- The California Department of Water Resources (DWR) announced that the Federal Emergency Management Agency (FEMA) has agreed to pay only $333 million toward repairs for the February 2017 dam spillway breach in Oroville, California. This is $306 million less than the state requested, according to California Rep. Doug LaMalfa.
- LaMalfa said FEMA reimbursed the state for eligible repairs but will not pay for “disasters caused by negligence or maintenance failures.” An independent safety review in September 2017 found that design and construction errors, along with lack of state oversight, caused the Oroville dam's spillway scare. In an internal DWR memo, state engineers also expressed concern about the dam’s design, construction and age and questioned the ability of seven other similar California dams to “safely pass a flood event.” FEMA typically pays 75% of eligible disaster costs.
- DWR officials said that they would work with FEMA to address the unpaid portion of the state’s Oroville repair bill. “Our reconstruction work was necessary to safely operate the main spillway and ensure functionality of the emergency spillway,” said Joel Ledesma, DWR's deputy director of the State Water Project, in a statement. "DWR plans to appeal FEMA’s determination as we believe all costs should be eligible for federal reimbursement.”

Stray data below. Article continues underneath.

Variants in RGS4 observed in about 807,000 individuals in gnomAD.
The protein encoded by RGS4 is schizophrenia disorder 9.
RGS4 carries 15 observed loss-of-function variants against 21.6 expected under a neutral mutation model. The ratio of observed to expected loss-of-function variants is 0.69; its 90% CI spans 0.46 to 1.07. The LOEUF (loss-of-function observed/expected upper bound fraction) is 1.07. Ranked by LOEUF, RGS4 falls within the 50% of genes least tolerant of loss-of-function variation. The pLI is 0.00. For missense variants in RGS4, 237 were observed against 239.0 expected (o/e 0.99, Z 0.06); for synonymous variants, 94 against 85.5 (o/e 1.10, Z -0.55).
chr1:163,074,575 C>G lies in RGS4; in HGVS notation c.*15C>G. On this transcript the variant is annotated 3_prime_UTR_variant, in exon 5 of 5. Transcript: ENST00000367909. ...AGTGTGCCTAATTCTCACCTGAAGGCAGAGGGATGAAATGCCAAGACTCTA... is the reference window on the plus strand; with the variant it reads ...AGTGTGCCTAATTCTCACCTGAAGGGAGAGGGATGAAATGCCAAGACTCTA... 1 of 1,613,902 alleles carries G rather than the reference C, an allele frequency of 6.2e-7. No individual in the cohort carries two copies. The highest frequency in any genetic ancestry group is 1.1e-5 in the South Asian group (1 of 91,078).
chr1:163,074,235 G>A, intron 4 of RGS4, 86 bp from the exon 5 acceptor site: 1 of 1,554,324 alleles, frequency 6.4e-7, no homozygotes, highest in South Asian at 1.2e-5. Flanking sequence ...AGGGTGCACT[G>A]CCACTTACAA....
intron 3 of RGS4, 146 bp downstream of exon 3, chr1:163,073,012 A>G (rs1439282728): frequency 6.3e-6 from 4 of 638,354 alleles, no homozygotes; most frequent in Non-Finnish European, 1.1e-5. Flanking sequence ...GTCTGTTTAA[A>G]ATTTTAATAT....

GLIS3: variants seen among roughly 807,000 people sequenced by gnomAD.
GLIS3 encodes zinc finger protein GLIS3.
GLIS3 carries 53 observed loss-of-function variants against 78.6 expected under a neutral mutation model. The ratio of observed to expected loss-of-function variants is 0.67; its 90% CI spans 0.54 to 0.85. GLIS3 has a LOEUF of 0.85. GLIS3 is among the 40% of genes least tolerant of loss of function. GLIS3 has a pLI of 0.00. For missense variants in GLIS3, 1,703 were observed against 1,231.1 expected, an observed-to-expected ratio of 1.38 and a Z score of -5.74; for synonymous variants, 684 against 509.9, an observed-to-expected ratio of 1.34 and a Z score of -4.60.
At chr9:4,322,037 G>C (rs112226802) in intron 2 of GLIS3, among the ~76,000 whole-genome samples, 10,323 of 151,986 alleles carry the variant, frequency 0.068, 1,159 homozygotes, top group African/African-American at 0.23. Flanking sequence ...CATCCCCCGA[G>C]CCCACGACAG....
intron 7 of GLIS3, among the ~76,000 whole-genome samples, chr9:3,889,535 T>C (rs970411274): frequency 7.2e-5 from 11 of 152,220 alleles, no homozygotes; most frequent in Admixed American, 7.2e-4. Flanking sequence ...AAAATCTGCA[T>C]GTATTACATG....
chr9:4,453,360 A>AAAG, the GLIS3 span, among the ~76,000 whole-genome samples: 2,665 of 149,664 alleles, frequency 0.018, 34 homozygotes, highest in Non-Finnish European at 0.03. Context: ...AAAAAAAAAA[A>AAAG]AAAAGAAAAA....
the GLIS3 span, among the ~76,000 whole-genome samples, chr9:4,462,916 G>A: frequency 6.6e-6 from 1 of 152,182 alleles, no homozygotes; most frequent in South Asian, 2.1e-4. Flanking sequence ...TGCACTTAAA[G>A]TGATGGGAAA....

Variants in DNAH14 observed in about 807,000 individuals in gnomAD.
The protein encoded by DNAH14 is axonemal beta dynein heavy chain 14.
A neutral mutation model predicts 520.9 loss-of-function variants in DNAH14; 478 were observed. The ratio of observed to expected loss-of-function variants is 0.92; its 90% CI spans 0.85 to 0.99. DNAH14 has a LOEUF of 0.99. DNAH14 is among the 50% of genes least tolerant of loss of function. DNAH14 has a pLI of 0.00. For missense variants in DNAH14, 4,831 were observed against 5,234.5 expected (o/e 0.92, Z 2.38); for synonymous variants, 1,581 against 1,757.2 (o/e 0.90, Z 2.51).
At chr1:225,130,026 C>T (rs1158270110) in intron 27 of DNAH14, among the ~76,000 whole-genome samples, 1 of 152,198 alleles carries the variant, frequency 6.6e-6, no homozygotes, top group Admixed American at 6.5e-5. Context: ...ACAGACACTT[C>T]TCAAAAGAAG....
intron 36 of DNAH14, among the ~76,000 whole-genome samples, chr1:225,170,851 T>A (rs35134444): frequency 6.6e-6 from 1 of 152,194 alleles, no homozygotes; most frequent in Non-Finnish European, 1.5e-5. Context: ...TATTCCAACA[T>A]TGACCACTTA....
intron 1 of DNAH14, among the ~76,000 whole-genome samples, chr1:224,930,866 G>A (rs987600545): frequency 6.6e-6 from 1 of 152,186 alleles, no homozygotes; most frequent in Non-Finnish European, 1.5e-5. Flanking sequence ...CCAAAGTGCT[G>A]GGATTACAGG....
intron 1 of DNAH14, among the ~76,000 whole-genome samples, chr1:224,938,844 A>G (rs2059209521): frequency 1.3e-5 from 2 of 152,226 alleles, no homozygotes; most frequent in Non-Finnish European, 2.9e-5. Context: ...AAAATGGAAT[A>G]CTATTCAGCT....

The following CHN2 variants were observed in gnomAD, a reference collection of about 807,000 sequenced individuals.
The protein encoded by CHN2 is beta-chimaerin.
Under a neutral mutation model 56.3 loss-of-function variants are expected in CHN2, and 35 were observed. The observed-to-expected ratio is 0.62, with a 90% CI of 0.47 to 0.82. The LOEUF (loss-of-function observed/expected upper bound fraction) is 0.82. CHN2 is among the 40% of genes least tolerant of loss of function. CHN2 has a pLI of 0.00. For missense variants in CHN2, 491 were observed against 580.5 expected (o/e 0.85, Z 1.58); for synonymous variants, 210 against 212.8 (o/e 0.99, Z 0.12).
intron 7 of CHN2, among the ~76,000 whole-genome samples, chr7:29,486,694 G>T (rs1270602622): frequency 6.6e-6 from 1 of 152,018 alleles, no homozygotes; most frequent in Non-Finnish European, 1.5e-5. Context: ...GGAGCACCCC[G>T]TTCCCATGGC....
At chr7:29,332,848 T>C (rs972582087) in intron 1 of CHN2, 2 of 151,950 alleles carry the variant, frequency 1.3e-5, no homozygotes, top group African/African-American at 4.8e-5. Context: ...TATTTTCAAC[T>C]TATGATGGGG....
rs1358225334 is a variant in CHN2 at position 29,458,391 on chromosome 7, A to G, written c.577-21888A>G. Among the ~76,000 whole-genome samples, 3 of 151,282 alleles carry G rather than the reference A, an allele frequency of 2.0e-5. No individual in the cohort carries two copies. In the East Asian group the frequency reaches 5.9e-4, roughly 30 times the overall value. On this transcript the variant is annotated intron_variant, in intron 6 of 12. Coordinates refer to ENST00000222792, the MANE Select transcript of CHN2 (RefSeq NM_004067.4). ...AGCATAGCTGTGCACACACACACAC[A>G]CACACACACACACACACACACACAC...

Concerns around a potential spillway failure necessitated the evacuation of 188,000 residents living downstream from the dam. The state awarded Kiewit Infrastructure West $630 million of repair work at Oroville, but total costs could exceed $1 billion. Much of the construction work, according to LaMalfa, has been carried out with the goal of making the spillway work properly and cannot be funded under an emergency declaration.
The federal government did, however, offer California some relief in another area related to the dam incident. The USDOT in February announced that it would provide, through the Federal Highway Administration, $2.8 million in grants to repair roads in three counties that were damaged by equipment brought in during emergency repairs.
Last month, the U.S. Army Corps of Engineers released an update to the National Inventory of Dams. The average age of the country’s 91,468 dams is 57 years, and, according to the Association of State Dam Safety Officials, it would take $64 billion to make all the necessary upgrades and repairs to state and federal dams. It would cost $22 billion to fix the most critical dams, according to the association.